This may be historically appropriate as well as appropriate to the religious themes, but it bothered me. I know that at the end of the book, it was stated in Anne’s POV that God was forgiving, not punishing, but I would have liked to have seen them discuss it and even go back to making love because that would have convinced me that they really believed it. There was so much weight given to the “Is it a sin?” question that I wanted the question answered more strongly.

    * Regarding the rape. i really hated the way Anne blamed herself, although of course it’s accurate to what victims feel. I would have liked for there to be another character who could tell Anne that Geoffrey was responsible for his own actions and that this was in no way her fault. The other thing I hated, hated, hated was that Anne thought she had contracted Syphilis, because I as the reader shared that scare with her, and when I realized, as she did, that she was safe from that, I felt like a cheap trick had just been played with my emotions.

    * I’ll skip the alpha/beta question because like you, I think we give these categories more weight and power than they deserve.

    * i’ll add a question of my own — what did you think of Anne’s cynicism? To me it was one of the most interesting aspects of her.

    On the whole I think this novel is well worth reading. i know people who adore it and think it ranks high up there, but while I appreciate a lot about it, it’s not quite there for me in the same way that a couple of other Gaffney books are. If I had to say why, it has to do with my distance from Christy and Anne’s romance.

    • Liz Mc2 says:

      I really liked Anne’s cynicism (perhaps because I’m fairly cynical myself). It was certainly believable for someone with her life experience. And so often we see the cynical hero and the more emotionally open, loving heroine. I liked the way Gaffney was exploring the reversal of those character types. (On the other hand, I can see Sunita’s point that as a reader, she felt too aware of that as a kind of intellectual exercise–she saw the machinery).

      I was surprised when I read it by how much sex there was. And those scenes, in general, didn’t really work for me–maybe there were too many, and they didn’t always feel like they were revealing character/advancing plot (unlike in To Have and to Hold). They are part of what made me feel the novel was at times too sentimental/sweet/”nice” too, I think, but I’d have to go back and reread some to be able to put my finger on this.

      • Agree on the cynicism. Re. the intellectual exercise thing, any conflict in a book could be called that, so what I’d love to know is what was it that made the machinery more visible in the Wyckerley trilogy?

        Agree on the sex scenes. They felt somewhat superfluous to me in this novel, whereas in THATH each one felt like it served a purpose.

  5. Sunita says:

    I read this quite a few years ago now and as I’ve said in other comments, this is my favorite of the trilogy (and of the four Gaffneys I’ve read, Wild at Heart being the fourth). I loved the setting, and I hadn’t thought about it as being Cranford-like, but that’s a good comparison. It also reminds me of the various Barsetshire novels, not least because of the role of religion. I’m not nearly as knowledgeable as the rest of you, but the way it is depicted matches what I’ve read of 19thC literature and my own experiences in a small English village in the 1980s and 1990s, in terms of the social and spiritual role of Christianity in village life.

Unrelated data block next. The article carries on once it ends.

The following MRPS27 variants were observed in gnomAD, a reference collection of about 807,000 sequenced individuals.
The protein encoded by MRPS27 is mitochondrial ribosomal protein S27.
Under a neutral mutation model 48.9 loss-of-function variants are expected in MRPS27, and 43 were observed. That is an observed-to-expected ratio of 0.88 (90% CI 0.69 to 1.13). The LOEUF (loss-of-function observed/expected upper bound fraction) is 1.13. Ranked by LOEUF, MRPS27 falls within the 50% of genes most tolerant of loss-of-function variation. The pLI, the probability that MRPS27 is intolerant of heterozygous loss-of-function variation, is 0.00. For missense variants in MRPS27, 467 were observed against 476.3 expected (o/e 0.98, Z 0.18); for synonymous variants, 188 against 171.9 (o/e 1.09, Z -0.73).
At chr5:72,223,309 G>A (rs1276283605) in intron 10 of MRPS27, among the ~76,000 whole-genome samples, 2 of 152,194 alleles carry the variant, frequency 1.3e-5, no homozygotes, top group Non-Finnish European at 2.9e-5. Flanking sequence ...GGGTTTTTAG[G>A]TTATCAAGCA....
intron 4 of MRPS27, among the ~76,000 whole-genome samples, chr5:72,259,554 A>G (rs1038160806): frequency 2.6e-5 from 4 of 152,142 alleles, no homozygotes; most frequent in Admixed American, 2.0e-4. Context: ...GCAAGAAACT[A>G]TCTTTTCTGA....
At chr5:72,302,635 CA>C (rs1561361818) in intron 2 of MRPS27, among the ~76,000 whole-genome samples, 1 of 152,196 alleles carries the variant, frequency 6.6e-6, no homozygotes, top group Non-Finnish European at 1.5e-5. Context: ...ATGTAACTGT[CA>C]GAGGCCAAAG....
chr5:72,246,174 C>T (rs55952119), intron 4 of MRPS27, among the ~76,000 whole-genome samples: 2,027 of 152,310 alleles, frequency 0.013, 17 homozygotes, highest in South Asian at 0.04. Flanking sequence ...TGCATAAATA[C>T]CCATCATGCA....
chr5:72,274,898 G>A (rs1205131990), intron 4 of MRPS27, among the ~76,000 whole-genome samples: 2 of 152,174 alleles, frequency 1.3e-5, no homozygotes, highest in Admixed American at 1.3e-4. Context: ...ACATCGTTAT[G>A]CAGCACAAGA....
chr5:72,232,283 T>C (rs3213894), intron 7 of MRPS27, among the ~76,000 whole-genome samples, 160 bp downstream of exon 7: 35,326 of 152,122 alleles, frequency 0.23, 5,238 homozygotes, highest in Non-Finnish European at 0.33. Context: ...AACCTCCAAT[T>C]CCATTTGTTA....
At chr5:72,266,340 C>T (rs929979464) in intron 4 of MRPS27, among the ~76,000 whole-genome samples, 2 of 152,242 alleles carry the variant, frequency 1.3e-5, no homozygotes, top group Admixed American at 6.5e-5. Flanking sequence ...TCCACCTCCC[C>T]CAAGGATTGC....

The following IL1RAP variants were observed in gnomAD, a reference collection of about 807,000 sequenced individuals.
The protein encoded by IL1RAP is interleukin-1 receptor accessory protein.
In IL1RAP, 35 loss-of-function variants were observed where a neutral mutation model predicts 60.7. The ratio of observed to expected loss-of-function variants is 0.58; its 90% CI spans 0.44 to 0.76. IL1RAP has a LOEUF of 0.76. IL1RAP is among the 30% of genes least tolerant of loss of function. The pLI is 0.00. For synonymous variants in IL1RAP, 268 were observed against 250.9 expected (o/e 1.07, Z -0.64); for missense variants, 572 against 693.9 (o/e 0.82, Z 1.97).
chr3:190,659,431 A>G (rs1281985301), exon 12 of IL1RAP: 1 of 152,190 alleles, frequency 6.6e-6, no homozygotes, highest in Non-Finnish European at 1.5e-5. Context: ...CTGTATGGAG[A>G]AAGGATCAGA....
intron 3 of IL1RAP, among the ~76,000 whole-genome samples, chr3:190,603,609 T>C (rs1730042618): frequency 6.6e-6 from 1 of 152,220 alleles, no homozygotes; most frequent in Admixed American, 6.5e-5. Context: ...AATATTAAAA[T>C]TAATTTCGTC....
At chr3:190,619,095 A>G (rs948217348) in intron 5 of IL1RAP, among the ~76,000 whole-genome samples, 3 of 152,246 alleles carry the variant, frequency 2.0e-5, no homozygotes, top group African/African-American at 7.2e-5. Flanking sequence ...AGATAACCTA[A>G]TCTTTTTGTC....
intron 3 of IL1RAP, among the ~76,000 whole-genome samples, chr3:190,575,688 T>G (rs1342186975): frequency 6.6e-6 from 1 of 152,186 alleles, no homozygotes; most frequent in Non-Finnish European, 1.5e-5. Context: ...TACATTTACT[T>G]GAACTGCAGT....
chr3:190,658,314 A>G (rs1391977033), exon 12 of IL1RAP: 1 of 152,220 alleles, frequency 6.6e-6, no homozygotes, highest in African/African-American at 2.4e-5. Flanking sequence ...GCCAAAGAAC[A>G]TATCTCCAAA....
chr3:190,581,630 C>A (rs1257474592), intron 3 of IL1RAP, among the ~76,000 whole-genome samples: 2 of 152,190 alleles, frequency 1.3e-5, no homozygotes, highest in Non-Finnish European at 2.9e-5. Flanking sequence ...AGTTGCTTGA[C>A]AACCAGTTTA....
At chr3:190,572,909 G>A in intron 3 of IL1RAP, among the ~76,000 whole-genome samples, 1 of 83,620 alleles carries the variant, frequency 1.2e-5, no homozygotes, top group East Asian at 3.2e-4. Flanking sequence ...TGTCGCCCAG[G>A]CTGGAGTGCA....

Janine, for me the machinery became apparent in the same way that certain recurring motifs of authors can become apparent when you read a number of books in a row. I read the trilogy back to back and then Wild at Heart relatively soon after that, I think. They felt like the intersection of a certain type of novel (the village novel as romance novel) with explorations of hero-heroine tropes and pushing the boundaries of those tropes. In THATH, she explores what it’s like to write a truly good hero, one who cares about being a good person, and sees if she can make him sexy and interesting, and she pairs him with a heroine who is his opposite (not in goodness but in idealism). I felt similar explorations (what we get in novels of ideas, but contained within the traditional romance form) in the other two. I’ve wondered if my preference for TLATC is because it was the first book and felt very fresh (and I love village novels, so there’s that).

  6. Janine, for me the machinery became apparent in the same way that certain recurring motifs of authors can become apparent when you read a number of books in a row.

    Ah, I do get that. It happens to me a lot when I read one author’s books back-to-back (which I don’t do that often, for that very reason).

    I figured you meant TLATC when you wrote THATH. i read THATH first and that is probably one factor in it being my favorite (though not the only factor, I don’t think). It was really hard for me to get into TLATC the first time I read it because it was my second Gaffney and I was fresh from being wowed by THATH. I anticipated a similar intensity but got something more low key, so it actually seemed pallid the first time I read it. I appreciate it more each time I revisit it, though.

  7. victoriajanssen says:

    So when are we doing FOREVER AND EVER? I have never even read a review of that one, so am totally unspoiled.